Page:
The Tri-City News reported that the Conservation Officer Service (COS) is requesting residents in the area lock away garbage, clean up bird feed, and manage other attractants that could be inviting the bear, who can be identified by a yellow ear tag, into a human-populated area in the search for food in the three communities east of Burnaby.
The COS was reporting the activity of one bear specifically who could be hungry and injured, causing him to not hibernate for the winter months. They stated they wanted to catch the bear, likely for a full assessment.But the Tri-City News repeatedly used the plural form – implying multiple bears are wandering the region.
“Since December, there have been more than 60 complaints about bears not hibernating and wandering around Tri-City neighbourhoods looking for food, most of them in Port Coquitlam and Coquitlam — and that's an unusually high number for this time of year,” the Tri-City News published. While there have been more than 60 complaints – that doesn’t mean there are any more bears than the one discussed by the COS. In fact, it’s much more likely that there’s only a few bears in the area who aren’t hibernating at most.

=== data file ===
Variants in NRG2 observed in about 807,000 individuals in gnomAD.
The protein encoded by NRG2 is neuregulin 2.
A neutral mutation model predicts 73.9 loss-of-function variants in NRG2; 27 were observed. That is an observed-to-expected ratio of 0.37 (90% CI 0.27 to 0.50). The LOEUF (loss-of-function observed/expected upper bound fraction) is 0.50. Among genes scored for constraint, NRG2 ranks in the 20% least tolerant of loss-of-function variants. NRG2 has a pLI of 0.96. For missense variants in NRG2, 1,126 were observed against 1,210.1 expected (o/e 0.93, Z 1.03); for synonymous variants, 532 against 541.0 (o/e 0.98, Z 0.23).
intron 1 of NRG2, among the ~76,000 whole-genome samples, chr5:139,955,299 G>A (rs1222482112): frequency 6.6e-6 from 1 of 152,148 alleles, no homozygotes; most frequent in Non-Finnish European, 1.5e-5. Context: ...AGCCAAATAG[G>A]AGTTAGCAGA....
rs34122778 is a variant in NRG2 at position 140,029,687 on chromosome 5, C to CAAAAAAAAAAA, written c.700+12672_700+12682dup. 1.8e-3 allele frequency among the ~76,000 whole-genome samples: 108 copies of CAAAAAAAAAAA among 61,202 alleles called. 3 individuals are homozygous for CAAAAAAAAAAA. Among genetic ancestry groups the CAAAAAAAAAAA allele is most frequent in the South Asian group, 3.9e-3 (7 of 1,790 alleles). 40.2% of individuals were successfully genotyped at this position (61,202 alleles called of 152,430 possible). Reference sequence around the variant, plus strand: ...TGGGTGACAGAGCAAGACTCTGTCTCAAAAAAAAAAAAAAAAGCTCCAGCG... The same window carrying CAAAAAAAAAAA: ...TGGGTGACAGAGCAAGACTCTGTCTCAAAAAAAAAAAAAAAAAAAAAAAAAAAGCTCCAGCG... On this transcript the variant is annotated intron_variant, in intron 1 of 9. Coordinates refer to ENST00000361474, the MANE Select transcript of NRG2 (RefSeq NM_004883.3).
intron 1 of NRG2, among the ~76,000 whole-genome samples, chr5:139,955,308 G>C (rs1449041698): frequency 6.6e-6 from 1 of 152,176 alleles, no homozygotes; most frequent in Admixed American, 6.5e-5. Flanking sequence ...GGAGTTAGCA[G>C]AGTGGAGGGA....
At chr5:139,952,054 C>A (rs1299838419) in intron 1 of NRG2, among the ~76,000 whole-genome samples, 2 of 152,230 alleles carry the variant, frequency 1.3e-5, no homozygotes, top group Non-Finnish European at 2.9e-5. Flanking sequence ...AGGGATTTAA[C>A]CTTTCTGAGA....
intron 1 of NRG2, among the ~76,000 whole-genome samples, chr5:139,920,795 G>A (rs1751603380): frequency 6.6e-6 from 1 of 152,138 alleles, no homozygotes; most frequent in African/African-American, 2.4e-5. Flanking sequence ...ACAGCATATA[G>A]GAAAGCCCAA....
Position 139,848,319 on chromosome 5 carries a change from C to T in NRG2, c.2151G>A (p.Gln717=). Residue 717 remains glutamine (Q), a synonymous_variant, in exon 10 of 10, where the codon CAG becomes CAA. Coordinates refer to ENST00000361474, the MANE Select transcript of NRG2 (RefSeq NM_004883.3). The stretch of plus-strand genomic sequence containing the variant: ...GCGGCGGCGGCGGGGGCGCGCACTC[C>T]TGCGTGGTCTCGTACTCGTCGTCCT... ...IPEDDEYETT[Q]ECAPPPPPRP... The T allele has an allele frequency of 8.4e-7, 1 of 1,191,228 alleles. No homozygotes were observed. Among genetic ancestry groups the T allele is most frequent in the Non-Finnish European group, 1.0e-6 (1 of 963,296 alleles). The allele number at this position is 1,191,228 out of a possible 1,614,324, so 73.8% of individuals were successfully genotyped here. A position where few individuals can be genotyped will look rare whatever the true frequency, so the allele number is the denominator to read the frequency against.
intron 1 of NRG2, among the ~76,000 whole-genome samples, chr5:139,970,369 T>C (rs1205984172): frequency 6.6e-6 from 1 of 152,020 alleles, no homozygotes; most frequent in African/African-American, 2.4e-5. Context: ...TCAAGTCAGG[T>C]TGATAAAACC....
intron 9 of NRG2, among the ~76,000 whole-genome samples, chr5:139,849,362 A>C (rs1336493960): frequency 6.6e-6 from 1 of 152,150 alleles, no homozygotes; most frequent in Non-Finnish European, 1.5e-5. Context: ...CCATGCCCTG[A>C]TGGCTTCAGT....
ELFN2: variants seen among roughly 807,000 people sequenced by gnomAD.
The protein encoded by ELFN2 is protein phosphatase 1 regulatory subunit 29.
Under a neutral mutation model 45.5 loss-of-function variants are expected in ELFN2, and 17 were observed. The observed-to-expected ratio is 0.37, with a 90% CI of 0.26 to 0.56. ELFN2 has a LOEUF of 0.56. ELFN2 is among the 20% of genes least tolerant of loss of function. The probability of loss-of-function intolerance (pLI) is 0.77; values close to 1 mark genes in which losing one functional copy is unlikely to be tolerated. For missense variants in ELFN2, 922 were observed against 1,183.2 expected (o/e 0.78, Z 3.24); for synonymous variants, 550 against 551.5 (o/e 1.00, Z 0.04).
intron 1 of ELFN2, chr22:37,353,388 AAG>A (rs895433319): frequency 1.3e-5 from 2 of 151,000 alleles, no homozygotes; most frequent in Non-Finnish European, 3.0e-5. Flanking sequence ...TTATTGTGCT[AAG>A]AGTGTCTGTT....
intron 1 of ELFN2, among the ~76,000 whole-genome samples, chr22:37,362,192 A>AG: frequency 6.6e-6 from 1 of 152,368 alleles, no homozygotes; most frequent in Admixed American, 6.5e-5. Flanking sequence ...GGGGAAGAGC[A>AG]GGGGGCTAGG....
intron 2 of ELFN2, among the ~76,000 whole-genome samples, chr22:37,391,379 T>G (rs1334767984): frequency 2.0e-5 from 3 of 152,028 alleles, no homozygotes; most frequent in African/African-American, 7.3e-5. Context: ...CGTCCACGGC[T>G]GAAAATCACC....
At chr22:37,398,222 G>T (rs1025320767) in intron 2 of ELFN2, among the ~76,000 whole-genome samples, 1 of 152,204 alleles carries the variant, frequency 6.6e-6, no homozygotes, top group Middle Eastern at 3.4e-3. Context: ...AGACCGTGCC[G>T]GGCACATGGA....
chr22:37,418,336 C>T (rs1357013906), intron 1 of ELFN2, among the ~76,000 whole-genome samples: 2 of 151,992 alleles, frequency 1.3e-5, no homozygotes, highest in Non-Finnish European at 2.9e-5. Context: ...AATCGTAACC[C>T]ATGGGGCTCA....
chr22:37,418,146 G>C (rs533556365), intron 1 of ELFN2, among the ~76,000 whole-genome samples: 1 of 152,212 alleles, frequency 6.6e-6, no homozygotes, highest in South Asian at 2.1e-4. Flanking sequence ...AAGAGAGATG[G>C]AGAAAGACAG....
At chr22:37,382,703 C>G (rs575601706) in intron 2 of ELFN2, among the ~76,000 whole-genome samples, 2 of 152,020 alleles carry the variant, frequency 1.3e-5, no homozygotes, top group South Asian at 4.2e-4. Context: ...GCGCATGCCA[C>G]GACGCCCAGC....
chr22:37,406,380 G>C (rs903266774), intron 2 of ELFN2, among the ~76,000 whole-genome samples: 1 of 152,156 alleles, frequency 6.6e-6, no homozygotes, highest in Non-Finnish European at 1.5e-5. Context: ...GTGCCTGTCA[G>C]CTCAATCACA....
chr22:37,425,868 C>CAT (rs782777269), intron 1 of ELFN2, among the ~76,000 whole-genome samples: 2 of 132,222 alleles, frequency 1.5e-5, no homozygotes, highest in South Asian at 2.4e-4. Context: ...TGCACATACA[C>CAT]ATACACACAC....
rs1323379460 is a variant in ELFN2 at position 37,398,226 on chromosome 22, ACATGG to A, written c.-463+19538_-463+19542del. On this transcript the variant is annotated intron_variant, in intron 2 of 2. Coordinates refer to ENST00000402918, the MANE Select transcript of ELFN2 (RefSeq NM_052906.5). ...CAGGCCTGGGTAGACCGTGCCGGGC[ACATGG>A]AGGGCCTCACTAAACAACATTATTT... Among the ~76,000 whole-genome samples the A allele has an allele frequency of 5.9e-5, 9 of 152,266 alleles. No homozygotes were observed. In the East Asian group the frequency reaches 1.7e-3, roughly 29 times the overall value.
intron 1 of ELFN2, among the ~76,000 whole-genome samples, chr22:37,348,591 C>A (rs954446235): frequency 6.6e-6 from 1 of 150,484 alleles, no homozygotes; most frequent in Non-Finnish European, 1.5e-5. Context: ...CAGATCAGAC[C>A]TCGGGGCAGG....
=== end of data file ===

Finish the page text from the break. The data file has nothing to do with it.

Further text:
That said, one bear not hibernating due to injury or hunger could result in conflict with people – and, sadly, that often means death for the animal in question. Please do take the time to clean up around your home, specifically looking for unsecured garbage, spilled bird feed (especially if it’s attracting other animals), pet food, and so on. For a thorough list on bear attractants, as well as steps on how to best remove them, visit our friends at the Get Bear Smart Society.
The wildlife we share the land with want the same things we do: a safe place to eat, sleep, and raise our families. The Fur-Bearers believe we can co-exist – and we hope you do, too.
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